Long-awaited direct negotiations between the Afghan government and the Taliban will start in a week, the government of President Ashraf Ghani said on Tuesday.
In addition, the government said it would “soon” complete its part in the long-awaited and controversial prisoner exchange with the Taliban.
“The Islamic Republic will soon complete the release of 5,000 Taliban prisoners,” according to the statement released by the presidential palace on Twitter. “With this action, we look forward to the start of direct negotiations with the Taliban.”
The Taliban, which were toppled by U.S.-backed forces after they sheltered 9/11 attacks architect Osama bin Laden, did not officially confirm that they were entering into negotiations with the government. The militants have persistently refused to negotiate directly with or recognize the government in Kabul, referring to Ghani as an American puppet.
However, two senior Taliban leaders, who spoke to NBC News on the condition of anonymity because they were not authorized to brief the media, said the group had not yet decided to meet the Afghan government next week.
“What Ashraf Ghani claims isn’t true. We haven’t made any such decision yet to enter into the intra-Afghan dialogue,” said one Taliban leader, based in Afghanistan’s Ghazni province.
A Taliban commander from Afghanistan’s Helmand province said the group may sit with the Afghan government if all their prisoners are freed, but added that there were differences of opinion among the leaders.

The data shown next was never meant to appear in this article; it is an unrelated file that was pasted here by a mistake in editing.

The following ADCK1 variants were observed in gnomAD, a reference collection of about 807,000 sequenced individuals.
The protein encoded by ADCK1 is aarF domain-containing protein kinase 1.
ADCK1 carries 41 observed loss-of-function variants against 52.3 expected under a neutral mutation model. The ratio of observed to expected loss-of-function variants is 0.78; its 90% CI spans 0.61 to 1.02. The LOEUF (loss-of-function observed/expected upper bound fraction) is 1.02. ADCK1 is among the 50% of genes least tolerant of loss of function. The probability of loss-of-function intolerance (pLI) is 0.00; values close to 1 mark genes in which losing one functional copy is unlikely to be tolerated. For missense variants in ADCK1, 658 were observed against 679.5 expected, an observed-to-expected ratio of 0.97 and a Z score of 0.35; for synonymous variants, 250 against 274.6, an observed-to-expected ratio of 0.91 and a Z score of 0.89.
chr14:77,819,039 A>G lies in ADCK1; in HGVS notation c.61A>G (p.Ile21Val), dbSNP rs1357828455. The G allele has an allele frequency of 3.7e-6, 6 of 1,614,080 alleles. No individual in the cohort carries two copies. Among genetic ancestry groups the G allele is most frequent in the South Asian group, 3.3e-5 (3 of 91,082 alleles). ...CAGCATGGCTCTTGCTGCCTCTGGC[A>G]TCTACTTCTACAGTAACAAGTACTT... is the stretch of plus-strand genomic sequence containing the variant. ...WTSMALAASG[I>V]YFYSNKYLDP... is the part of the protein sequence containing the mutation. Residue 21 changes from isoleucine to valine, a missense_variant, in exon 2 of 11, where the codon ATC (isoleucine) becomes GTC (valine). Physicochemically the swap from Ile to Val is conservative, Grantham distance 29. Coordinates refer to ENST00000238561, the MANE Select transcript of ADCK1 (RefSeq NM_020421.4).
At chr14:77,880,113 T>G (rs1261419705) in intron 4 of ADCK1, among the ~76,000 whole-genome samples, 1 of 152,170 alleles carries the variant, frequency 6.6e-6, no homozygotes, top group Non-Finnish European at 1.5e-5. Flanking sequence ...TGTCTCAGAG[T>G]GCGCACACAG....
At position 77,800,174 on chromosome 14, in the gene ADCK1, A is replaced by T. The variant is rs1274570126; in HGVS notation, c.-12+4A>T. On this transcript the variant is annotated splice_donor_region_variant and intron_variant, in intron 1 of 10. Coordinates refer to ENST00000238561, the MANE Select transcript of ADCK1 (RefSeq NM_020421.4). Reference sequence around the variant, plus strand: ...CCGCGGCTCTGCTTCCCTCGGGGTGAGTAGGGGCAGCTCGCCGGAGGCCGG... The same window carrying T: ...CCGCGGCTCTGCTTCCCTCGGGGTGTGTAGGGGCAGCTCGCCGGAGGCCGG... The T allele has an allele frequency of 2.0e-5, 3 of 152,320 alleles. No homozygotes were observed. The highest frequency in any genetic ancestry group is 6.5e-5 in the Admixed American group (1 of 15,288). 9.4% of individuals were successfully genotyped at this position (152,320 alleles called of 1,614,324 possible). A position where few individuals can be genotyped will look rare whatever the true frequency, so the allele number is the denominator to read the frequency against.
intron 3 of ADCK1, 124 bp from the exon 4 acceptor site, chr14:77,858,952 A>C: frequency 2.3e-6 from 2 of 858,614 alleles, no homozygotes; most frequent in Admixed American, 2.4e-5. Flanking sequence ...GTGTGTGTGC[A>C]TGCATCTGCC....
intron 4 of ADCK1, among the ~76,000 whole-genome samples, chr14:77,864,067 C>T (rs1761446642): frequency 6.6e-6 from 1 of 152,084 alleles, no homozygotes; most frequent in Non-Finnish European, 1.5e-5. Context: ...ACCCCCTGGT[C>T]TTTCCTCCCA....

The Taliban officially announced Tuesday a three-day ceasefire during the upcoming Eid-ul-Adha holiday. They directed their fighters not to carry out attacks during the ceasefire period but said they can respond to opposition attacks.
If the prisoner exchange is completed and the Taliban does sit down with Afghan leaders, including members of the government, it would represent a significant breakthrough on the path to peace in the war-torn country.
An official Taliban spokesman did not immediately respond to a request for comment on Ghani’s announcement on negotiations. The State Department also did not respond to a request for comment.
The official announcements from both sides inject much needed life into the embattled peace process in Afghanistan after months of limited, if any, progress. In February, the United States and the Taliban agreed in a landmark deal that U.S. forces would withdraw from Afghanistan in exchange for Taliban security guarantees.
Under the agreement signed in the Gulf-state of Qatar, the militants agreed to enter into peace talks with Afghan leaders, including government officials. But the start of these negotiations, originally slated to begin on March 10, have been delayed.
Much of the delays have been as a result of Kabul’s reluctance to free some Taliban prisoners identified for release as part of the agreement. The Afghan government was not party to the U.S.-Taliban deal.
The U.S., nevertheless, committed to work with both sides to secure the release of up to 5,000 prisoners held by the Afghan government and 1,000 prisoners held by the Taliban by the start of intra-Afghan peace talks.
Meanwhile, the Pentagon announced last week that it had reduced its number of forces in Afghanistan to 8,600 in 135 days as stipulated under the deal.
The conflict in Afghanistan is America’s longest war and has cost the lives of more than 2,000 U.S. troops and wounded many thousands of others. Between 2009 and last year, the United Nations has recorded more than 100,000 civilian casualties with more than 35,000 killed and 65,000 injured.
President Donald Trump has repeatedly vowed to end America’s “endless wars” and to bring troops home.
Abigail Williams contributed.